Kathleen Gorman, a family therapist, testified that she thought reunification was in M.A.'s best interests, but that it should be a transitioned process with various support services in place. She noted that M.A. was insecurely attached to appellants, although she did see some nurturing behaviors. She did not do an attachment assessment, but rather a family assessment. Part of the time that Gorman spent with M.A. and appellants was after the day Hyland and Dr. Hewitt testified at the TPR trial; appellants were present for Hyland's and Dr. Hewitt's testimony discussing a lack of attachment. Gorman also stated in her report that

[w]ithout admitting to the abuse it will be very difficult for them to forgive themselves, move forward and heal. It also leaves the chance for abuse to re-occur.


Heather McEnerney, a county social worker, testified that appellants repeatedly did not follow directives from doctors and social workers about M.A.'s diet and feeding, which had a negative effect on M.A. (i.e., diarrhea, vomiting, etc.). She raised the point that while some things with the family may be better, appellant-mother is still isolated, has low self-esteem, suffers from depression, and has difficulty with the English language, and the family lacks a support system. McEnerney commented that if M.A. were to be reunited with her family, the family could return to the same stress level and kinds of behaviors that led to M.A. being taken away. She stated that "the environment and the circumstances that opened this case, have not been corrected." Baharta would still be the primary caretaker and face the same issues that she did before. Additionally, appellants never initiated services from the county throughout the proceedings. McEnerney testified that returning M.A. to appellants was not in her best interests.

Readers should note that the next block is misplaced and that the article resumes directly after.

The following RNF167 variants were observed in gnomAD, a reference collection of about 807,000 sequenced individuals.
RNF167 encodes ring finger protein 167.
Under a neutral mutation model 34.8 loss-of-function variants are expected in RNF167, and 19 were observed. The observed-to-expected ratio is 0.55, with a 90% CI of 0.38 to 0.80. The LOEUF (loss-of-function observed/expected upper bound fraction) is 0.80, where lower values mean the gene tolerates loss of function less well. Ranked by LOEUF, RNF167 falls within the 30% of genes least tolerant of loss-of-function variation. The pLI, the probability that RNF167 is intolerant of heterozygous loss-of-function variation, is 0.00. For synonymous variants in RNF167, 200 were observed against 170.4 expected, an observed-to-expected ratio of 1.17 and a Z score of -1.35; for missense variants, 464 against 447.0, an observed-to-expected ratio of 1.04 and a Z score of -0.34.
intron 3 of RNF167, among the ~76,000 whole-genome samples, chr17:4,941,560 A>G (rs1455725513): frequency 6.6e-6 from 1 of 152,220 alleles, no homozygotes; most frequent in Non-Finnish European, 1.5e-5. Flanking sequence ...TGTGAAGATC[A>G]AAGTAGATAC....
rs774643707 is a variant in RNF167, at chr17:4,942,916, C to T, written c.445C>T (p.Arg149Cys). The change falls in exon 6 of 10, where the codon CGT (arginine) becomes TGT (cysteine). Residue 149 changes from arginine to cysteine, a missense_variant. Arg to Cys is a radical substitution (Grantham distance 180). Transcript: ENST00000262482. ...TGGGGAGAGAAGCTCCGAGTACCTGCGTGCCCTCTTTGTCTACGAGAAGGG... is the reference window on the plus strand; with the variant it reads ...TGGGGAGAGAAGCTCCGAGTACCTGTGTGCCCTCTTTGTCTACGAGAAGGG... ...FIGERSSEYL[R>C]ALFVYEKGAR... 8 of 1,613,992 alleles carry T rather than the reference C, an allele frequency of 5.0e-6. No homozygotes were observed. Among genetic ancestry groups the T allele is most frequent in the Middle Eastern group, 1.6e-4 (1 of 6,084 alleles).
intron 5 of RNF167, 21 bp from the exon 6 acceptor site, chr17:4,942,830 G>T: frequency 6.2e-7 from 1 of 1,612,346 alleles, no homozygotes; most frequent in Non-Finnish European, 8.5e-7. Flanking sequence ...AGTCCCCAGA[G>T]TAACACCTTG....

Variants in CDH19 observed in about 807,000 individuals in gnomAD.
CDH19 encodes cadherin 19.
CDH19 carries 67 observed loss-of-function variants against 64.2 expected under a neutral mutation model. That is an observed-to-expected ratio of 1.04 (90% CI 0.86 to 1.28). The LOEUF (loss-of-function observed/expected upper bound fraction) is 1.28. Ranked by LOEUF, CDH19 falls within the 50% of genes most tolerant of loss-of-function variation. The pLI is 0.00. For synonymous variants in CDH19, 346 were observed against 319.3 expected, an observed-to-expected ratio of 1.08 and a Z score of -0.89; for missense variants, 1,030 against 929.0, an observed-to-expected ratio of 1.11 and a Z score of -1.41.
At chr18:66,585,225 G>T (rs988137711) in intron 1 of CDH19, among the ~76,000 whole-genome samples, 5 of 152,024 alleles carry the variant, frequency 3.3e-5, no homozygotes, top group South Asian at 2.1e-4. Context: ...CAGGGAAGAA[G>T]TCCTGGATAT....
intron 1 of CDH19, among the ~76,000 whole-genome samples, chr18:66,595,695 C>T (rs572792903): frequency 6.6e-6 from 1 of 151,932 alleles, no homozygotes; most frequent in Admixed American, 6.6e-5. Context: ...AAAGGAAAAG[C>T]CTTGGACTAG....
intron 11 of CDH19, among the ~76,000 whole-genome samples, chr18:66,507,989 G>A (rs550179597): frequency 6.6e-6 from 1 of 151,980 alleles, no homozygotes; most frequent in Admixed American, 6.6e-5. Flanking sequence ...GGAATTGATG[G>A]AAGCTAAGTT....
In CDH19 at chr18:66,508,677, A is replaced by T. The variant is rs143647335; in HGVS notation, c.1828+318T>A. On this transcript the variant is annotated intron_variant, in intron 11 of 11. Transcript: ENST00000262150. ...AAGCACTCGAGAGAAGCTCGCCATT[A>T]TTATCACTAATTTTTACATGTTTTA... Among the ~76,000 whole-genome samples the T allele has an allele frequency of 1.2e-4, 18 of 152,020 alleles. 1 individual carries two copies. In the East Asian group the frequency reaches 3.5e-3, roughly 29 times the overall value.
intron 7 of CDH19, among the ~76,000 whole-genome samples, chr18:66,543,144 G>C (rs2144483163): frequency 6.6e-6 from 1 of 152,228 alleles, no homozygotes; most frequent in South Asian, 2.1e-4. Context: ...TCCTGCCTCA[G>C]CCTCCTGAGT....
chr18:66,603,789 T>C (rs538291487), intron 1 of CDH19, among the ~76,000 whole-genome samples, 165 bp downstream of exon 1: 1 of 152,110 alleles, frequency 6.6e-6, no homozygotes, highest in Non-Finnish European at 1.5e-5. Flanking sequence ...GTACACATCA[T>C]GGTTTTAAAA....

Linda Carvel, the assigned guardian ad litem (GAL), was appointed to the case on June 1, 2000, which was two months before trial. She spent approximately 150 hours on the case, 30 to 40 of which were spent with the family. She testified that there is intimacy between M.A. and appellant, although she would defer to Dr. Hewitt for a determination of attachment. She did not recommend terminating parental rights, but stated that a three to six-month transition offering various services to support the transition would be necessary. She stated that terminating M.A.'s contact with the family or putting her in a new home would further victimize her. Carvel, however, did not offer any suggestions of measuring or monitoring the family's progress in order to determine when would be the best time to return M.A. to appellants.

The court determined that it was in M.A.'s best interests to terminate appellants' parental rights. Appellants moved for a new trial, and the court denied the motion. This appeal follows.


We give considerable deference to the district court's decision to terminate parental rights because the district court "is in a superior position to assess the credibility of witnesses." In re Welfare of L.A.F., 554 N.W.2d 393, 396 (Minn. 1996) (citation omitted). This court closely inquires into the sufficiency of the evidence to determine whether the evidence is clear and convincing. In re Welfare of J.M., 574 N.W.2d 717, 724 (Minn. 1998).